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Translating Peking Opera for global audiences

Editor: Qian Ding 丨CCTV.com

01-05-2017 17:17 BJT

By Tom McGregor, CNTV Panview Commentator and Editor

China’s traditional culture is playing a more prominent role in the nation’s contemporary era. Chinese President Xi Jinping has highlighted the significance of the country’s ancient roots for adapting to our current world.

Chinese culture stands unique compared to the arts and customs of other countries. Peking Opera has stage performers who sing, dance and do acrobats, while wearing intricately designed and colorful costumes.

The singing style is not something you would hear at an Italian Opera House or elsewhere around the globe. It sounds raspy and high-pitched that is accompanied by Chinese instruments, which creates a crescendo of loud sounds.

The costumes are dazzling, while performers conduct amazing acrobatics to accompany the plays that often have narratives filled with action-packed adventures, such as battles, sword-play and one-on-one combat.

But for foreigners going to the theater without an English translation could mean the plays are nothing more than noise.

Grand translation project

More needs to be done to translate the great works of Peking Opera into English.

Sun Ping, a Peking Opera master, has launched an initiative to translate 100 opera classics in ten volumes in the English language. At a press conference in Beijing last week, she announced the first two volumes have already been released to the public with more to follow soon.

Each volume is compiled with ten classics translations. A 40-person team composed of experts, academics and professional translators work with Sun, editor-in-chief, who is in charge.

The project was launched by Sun in 2011 and promises to provide readers not only with translations, but would be a bilingual guide with a preamble, music scores and photos.

China’s Vice Premier Liu Yandong has offered strong government support for the project.

Fulfilling a need

Sun feels called on a mission to translate the classics. She fears that if the task is ignored, global audiences cannot fully appreciate the art form.

She was inspired to move forward on the project when she visited Yale University in 1999. As a master of Peking Opera, she was invited to speak to students. They asked her for English translations of the classics.

She went to the campus library and discovered there were no translations published in book format. After returning to Beijing, she assigned Remnin University, Beijing Foreign Studies University and the University of Hawaii to collaborate on the project.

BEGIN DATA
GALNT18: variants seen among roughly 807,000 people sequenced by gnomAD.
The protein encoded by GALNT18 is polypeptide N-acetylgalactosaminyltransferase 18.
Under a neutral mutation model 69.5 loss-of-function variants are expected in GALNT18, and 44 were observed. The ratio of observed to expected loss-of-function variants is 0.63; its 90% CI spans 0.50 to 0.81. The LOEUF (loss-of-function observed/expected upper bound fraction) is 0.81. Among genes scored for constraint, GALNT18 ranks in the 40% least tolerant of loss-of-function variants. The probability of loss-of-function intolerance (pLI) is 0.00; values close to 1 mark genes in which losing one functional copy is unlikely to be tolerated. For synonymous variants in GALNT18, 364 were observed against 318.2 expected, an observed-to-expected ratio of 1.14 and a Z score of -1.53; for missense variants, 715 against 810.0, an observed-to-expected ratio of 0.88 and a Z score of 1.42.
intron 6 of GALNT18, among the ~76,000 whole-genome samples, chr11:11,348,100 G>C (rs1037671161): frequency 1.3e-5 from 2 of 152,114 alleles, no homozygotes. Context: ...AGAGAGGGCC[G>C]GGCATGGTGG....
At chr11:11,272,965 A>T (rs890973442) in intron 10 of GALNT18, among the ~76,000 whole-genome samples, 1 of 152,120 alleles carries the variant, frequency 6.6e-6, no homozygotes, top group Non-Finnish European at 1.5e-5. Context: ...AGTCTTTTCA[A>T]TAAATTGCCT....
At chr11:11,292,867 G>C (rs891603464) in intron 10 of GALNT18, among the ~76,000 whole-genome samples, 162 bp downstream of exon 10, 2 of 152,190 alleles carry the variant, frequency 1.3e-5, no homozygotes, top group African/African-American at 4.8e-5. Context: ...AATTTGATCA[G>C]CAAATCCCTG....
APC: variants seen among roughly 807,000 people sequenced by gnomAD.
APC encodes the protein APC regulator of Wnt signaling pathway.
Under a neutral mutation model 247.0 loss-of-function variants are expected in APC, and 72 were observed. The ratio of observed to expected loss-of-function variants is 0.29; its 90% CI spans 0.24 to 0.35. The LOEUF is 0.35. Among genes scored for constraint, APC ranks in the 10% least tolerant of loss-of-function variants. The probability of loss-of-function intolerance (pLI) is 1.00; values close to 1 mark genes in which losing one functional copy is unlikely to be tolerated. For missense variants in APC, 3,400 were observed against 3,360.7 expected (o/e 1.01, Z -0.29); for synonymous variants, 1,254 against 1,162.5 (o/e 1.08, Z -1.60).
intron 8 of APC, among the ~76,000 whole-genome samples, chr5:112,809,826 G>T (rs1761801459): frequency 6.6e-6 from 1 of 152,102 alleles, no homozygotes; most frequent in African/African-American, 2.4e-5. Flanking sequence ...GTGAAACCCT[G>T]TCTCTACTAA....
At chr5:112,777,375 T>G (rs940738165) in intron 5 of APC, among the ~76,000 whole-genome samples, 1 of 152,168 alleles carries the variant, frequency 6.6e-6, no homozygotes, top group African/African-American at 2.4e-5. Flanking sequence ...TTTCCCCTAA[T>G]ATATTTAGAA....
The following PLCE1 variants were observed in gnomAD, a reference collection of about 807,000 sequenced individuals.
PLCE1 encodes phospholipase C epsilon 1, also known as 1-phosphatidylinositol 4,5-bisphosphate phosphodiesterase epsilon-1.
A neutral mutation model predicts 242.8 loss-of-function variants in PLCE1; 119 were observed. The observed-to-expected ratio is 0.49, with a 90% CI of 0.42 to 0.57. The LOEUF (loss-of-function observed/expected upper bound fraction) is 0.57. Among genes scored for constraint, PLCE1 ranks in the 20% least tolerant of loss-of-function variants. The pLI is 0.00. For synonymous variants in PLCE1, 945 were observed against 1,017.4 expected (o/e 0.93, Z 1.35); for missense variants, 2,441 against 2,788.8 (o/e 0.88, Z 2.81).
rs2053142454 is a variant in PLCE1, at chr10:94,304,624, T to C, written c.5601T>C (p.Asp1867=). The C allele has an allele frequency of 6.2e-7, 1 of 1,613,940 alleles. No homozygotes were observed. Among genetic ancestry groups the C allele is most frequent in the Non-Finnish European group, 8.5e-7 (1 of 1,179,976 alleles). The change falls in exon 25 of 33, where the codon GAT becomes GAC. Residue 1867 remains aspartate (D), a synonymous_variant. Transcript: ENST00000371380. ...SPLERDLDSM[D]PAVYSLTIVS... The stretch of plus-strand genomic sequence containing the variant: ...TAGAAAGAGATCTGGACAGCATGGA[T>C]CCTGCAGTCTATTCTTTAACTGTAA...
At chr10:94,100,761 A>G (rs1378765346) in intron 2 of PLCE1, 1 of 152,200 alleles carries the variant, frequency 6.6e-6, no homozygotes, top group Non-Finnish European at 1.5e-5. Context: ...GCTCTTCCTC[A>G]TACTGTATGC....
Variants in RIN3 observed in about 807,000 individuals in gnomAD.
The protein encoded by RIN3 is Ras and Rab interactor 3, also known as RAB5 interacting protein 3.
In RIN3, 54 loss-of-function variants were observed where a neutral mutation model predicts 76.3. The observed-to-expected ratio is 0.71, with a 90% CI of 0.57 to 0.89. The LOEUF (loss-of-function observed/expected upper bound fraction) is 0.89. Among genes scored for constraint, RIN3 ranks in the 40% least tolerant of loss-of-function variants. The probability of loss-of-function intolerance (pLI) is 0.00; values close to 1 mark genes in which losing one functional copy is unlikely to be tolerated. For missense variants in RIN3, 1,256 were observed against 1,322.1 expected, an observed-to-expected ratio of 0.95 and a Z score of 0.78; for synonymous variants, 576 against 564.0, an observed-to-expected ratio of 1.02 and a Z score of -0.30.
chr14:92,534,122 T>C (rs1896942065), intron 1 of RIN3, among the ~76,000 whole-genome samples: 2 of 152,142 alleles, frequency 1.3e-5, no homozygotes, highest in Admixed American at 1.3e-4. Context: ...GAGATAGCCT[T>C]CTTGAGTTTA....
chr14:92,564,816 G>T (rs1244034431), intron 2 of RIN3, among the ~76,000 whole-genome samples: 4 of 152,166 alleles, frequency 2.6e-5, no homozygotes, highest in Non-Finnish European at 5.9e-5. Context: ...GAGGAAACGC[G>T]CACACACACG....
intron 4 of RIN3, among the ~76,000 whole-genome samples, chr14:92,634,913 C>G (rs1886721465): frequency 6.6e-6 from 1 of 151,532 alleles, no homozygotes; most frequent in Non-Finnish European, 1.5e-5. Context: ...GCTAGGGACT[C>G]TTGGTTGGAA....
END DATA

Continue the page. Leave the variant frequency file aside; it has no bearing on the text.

After publication, the volumes will be delivered to China’s embassies and consulates overseas, Confucius Institutes, foreign universities and US Presidential libraries. Readers can find them for purchase at book stores as well.

An emotional attachment

Sun has been a lifelong devotee of Peking Opera. She captured fame on stage as a performer and after retiring from the theater, she made it her calling to promote the art all over the world.

“My feeling is complicated to see the books of series published one by one,” she told China.org.

“I’m happy, but I feel it’s a little too late. China doesn’t lack culture, art and masters, but the world has not yet seen them and looked at them clearly and deeply with understanding and knowledge,” said Sun. “We need to hurry up.”

Zhou Yude, former president of the National Academy of Chinese Theater Arts, holds similar sentiments.

It’s now or never to translate the classics, while some Peking Opera masters are still alive.

People are becoming more curious about China and the classics can explain Chinese culture to the masses.

Teaching tales

Peking Opera and Kunqu Opera have already been listed as an intangible cultural heritage by UNESCO (United Nations Educational, Scientific and Cultural Organization).

The Peking Opera offers a glimpse into an understanding on some of the mysteries of Chinese society. With English translations of the classics, readers can catch a special view of ancient China and see how it connects with its current age.



( The opinions expressed here do not necessarily reflect the opinions of Panview or CCTV.com. )


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